What is luxury exactly? Where does it begin and where does it end? What do I mean when I call something a luxury? Since posting luxury, ease, the topic has been ping-ponging incessantly around my head. I had to write about it again.
The Merriam-Webster online dictionary says of luxury:
1 archaic : lechery, lust
2 a condition of abundance or great ease and comfort : sumptuous environment
Forget the archaic definition. But “not absolutely necessary”? I’d also use those words. As for “provides pleasure,” I’d argue that there are plenty of things that provide pleasure that are not luxuries. (Food. Sex. Laughter. Music.) The same goes for “satisfaction.”
So what is “absolutely necessary”? Not as defined by dictionaries, but by you and I. I would answer clean food, clean air, and clean water. (You might say we can and do get by on the poisoned stuff, but I think today’s cancer/asthma/etc rates thanks to pollution are less than “getting by.”) Shelter. Warmth for our bodies when it is cold.
But even on this basic level there are more questions. Where do you draw the line between luxury and necessity? How much food? What kind of shelter? There are shades of gray between them all. Between potato soup and a five-course catered feast. Between a lean-to structure and a villa. Between a thick blanket and central heating.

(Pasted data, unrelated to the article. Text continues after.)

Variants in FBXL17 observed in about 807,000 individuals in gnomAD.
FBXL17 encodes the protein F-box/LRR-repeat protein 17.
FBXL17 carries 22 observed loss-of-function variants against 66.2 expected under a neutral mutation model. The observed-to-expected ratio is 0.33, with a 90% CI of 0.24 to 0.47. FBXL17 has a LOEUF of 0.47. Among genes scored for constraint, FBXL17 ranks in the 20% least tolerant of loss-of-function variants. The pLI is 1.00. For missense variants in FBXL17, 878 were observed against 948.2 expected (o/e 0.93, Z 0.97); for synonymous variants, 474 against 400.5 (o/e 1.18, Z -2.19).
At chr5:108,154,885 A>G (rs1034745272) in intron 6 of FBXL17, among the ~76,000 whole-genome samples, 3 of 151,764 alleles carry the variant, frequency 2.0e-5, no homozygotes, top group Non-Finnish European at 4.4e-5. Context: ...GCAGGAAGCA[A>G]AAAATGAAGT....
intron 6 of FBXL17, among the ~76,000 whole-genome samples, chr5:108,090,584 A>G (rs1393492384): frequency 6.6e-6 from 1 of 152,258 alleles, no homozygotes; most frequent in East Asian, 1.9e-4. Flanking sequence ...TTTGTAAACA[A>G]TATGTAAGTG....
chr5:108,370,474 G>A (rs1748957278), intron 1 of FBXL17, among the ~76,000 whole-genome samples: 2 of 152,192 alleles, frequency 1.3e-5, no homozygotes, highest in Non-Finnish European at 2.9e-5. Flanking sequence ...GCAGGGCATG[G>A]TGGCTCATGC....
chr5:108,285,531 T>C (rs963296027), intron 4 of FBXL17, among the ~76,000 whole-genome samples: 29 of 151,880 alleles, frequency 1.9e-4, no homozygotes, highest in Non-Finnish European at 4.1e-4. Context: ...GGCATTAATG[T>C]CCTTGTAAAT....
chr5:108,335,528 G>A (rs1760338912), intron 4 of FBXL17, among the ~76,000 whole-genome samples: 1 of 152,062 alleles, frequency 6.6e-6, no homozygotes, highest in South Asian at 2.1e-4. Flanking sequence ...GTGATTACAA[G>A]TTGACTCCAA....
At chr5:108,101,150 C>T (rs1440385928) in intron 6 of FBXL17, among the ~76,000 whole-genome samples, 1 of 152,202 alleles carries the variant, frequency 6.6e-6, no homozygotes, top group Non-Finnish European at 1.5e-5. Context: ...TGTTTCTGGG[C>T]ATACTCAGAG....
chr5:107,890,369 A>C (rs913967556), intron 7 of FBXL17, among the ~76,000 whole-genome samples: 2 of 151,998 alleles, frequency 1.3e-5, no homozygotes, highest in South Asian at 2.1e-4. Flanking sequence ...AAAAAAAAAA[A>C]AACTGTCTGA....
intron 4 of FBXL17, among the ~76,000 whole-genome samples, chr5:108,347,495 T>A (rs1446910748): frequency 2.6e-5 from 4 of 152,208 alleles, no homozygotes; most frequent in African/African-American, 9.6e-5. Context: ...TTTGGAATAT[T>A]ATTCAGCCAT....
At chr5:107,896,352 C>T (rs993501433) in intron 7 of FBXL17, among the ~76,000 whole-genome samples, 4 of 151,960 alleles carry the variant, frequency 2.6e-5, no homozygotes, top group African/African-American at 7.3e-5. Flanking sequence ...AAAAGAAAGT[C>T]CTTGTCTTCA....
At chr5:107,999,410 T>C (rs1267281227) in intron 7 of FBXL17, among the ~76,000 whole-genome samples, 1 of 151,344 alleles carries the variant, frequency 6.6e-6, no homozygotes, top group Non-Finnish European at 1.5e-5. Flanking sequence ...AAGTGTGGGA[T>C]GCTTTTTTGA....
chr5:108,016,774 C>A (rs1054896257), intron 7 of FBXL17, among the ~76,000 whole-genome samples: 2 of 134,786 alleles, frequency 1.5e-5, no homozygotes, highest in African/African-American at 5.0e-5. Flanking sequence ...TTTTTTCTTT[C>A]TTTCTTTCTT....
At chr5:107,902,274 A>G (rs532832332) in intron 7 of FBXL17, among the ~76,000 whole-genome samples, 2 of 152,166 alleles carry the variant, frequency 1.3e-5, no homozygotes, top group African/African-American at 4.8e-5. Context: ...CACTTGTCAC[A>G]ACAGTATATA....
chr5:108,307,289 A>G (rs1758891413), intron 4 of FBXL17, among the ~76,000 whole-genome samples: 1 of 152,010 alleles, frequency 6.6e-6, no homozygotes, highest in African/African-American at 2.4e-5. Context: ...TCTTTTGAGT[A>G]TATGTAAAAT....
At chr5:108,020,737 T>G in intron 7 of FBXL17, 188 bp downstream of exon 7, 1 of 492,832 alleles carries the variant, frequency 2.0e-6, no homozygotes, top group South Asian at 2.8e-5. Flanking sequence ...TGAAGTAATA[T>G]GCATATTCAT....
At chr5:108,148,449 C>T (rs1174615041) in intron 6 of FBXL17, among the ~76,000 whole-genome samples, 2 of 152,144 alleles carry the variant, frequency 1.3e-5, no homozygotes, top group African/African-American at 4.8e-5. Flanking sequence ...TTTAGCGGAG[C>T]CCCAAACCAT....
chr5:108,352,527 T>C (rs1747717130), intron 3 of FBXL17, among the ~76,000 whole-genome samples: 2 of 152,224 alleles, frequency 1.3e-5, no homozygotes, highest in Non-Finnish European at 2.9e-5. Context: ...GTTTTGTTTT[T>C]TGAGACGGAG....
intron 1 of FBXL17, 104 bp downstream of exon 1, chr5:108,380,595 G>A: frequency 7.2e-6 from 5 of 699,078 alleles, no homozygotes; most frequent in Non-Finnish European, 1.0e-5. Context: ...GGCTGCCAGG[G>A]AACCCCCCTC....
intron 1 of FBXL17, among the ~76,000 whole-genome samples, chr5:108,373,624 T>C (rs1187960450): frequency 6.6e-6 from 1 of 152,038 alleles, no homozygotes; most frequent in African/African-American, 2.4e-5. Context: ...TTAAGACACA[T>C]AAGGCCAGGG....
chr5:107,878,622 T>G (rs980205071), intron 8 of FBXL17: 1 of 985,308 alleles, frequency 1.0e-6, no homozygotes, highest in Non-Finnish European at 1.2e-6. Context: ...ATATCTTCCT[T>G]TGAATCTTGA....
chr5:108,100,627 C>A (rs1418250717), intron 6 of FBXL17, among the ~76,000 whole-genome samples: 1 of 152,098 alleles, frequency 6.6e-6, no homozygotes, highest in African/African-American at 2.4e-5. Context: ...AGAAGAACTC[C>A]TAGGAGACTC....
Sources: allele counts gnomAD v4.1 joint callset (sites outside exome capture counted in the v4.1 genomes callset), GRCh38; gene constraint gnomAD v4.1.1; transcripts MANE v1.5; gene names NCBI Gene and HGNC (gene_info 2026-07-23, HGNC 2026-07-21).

Another factor to consider is access. Does everyone in the community have equal access to the so-called luxury? A resource plentiful in one part of the world might be perceived as a luxury in an area where the same resource is scarce. Or something necessary to life might only be available to those with the money to buy it. (True of food, water, and shelter in much of the world today.)
And now another question: can ease be equated with luxury? Disposable plastic cups could be considered a luxury because they are not absolutely necessary. They also make an individual’s life momentarily easier (no dishes to wash). But I have a hard time thinking of a plastic cup as a luxury. Plastic cups are stupid. Plastic cups are ugly. In considering this I realized something about my own thought process: I don’t associate the word “luxury” with just any decadence, but specifically with an aesthetically pleasing decadence.
When I think of the word luxury out of context I start picturing gold-leafed molding, thick Persian rugs, crystal chandeliers, servants and champagne. And perhaps this is the problem—most people think of luxury this way, connecting it with kings and millionaires instead of recognizing it in the little things. What about water heated by nuclear power, coffee flown in from South America, out-of-season vegetables at the supermarket year round, and “disposable” plastics? Technically, these things fit the bill. Let’s call them what they are.